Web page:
By: Carmen Hubbs
This Holiday season we would like to share with you the impact you have. Your time and generosity makes a difference. It truly takes a village - Thank You for being part of ours.
Where were you on May 8th, 2011?
If you were a mother on that day, you were likely being celebrated. Your children surprising you with breakfast in bed and promises of good behavior and chores to come.
For Shelly*, a mother of two young boys, May 8th, 2011 was a very different Mother’s Day. Today she had a law enforcement officer in her living room, her husband sitting in the back seat of a patrol vehicle, and her children clutching to her, scared and upset. On this day, Mother’s Day 2011, Shelly’s morning started with a slap, ridicule, and being called a name no mother should be called.
At a very young age, Shelly learned abandonment and instability. Her parents’ relationship was volatile. “They were fighting. Every time my mom and dad would get in a fight, she would kick us out – both of us. She decided to kick us out and let my dad back in. I lived with my aunt for a little bit, then she decided to kick me out because she said it was my dad’s responsibility, not her responsibility. So then from there I went from friends’ to friends’ houses and they were letting me stay the night. I was only 11.”
Looking for love in all the wrong places isn’t just words to a Johnny Lee song. At age 13, Shelly was pregnant. Her mother allowed her back home, but being true to her Modus Operandi, kicked her and her 6 month old son out of the house … again. In comes her knight in shining armor, or so she thought.
“My child was 2. You don’t think they remember a lot, but they do. They never got abused, but seeing it is stressful. That was the worst thing. I would never want to put them in that situation again. He goes to therapy just because he does stuff like his dad. And that’s the last thing I want is for him to ever hit a woman. It’s hard because I’m gonna try to break that cycle before he gets older.”
Her sons watched their dad slap their mother on Mother’s Day. They watched their mom cry; they watched their dad handcuffed and hauled to jail. Shelly remembers, “It affects the kids the worst.” Unfortunately, this wasn’t their last rodeo.
For those who want to leave an abusive relationship, it’s a process, one many of you reading this story will never experience, while others know it all too well. For Shelly, she admits, “It was hard to get out of that relationship. You try to get out of that relationship. A lot of women don’t understand, when you get in a[n] [abusive] relationship you cover for him, you cover, you cover, you cover, you cover, you cover. And when you lose your family and friends it’s when it’s the hardest to get out of that relationship because you’ve done lost everybody.”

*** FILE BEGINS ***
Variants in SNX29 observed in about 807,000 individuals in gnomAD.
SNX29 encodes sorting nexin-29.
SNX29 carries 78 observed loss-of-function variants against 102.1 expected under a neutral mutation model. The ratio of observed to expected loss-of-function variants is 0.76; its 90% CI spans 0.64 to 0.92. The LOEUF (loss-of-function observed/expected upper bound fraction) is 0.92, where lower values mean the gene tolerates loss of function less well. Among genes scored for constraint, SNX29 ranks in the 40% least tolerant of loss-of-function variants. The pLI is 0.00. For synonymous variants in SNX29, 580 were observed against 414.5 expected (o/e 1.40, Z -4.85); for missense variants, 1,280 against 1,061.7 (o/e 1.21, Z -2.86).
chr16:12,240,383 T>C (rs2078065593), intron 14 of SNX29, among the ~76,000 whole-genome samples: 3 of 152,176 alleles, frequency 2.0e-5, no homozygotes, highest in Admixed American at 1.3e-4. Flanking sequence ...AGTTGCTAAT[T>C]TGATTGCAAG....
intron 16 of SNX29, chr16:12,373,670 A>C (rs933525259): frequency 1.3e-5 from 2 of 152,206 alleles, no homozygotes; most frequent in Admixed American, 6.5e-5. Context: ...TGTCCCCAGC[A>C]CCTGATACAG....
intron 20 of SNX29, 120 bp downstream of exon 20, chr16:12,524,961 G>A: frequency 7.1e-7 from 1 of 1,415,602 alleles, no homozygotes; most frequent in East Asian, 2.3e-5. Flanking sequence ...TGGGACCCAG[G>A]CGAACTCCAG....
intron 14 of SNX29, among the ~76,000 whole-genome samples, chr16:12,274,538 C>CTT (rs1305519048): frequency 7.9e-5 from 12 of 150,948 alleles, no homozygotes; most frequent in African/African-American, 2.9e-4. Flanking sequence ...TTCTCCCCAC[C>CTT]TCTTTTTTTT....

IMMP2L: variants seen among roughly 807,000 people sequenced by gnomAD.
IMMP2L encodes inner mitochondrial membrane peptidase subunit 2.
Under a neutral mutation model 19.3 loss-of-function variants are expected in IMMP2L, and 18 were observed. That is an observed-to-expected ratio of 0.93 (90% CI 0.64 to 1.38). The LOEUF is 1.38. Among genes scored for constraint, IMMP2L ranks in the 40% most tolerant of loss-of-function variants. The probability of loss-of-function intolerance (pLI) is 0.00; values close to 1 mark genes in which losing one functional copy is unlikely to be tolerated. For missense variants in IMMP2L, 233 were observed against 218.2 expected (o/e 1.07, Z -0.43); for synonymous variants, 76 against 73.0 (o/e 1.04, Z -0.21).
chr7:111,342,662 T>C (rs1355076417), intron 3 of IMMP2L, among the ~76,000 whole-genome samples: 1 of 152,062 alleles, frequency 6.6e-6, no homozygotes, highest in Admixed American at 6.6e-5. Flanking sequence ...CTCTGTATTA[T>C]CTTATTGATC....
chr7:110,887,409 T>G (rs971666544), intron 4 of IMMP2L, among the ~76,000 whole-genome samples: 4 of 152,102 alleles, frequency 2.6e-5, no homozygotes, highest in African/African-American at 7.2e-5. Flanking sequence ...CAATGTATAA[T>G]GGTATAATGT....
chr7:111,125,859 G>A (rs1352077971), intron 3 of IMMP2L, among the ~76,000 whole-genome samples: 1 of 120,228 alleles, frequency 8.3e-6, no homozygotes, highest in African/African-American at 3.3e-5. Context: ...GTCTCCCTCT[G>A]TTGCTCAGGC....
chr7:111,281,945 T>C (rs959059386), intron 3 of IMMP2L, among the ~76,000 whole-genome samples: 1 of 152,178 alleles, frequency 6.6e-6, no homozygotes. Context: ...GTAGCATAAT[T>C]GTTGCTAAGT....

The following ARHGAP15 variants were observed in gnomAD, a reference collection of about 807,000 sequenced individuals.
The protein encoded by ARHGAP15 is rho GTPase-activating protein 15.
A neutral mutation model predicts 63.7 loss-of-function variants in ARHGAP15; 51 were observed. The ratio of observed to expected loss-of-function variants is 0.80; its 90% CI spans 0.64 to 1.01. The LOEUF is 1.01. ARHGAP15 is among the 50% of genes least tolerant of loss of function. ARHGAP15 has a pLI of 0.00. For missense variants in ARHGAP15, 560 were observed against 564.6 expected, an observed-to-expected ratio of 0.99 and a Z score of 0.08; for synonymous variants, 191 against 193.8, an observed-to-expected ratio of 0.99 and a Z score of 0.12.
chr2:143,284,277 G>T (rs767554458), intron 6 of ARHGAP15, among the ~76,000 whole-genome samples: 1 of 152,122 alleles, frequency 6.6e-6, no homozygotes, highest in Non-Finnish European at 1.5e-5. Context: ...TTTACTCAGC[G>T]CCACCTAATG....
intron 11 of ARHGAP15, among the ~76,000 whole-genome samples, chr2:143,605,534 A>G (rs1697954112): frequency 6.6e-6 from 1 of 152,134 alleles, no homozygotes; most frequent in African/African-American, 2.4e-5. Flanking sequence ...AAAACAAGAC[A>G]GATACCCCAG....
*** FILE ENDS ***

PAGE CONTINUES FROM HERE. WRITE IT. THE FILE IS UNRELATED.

“And you can do it,” champions Shelly. And she did. “There are people out there that can help you. I worked with a domestic violence advocate after I lost my children. They helped me for two years. They don’t just help you mentally and physically, but they help you get on your feet. Need to call with anything, like it’s awesome! It’s a great program!”
I was Shelly’s advocate that day on Mother’s Day 2011. I’ve been privileged to witness her survival and growth ever since. Her drive, her love for her children, her tenacity to keep going despite her odds motivate her. When asked how her kids are these days, “They see me happy, and they’re happy and they’re safe at home.”
It takes a village to end domestic violence. Shelly did it with support from many resources, one vital one being Rise Above Violence. Consider your gift a gift to others like Shelly, where an advocate walks alongside them for however long their journey takes to happiness and safety.
Till it ends,
Carmen Hubbs, Executive Director
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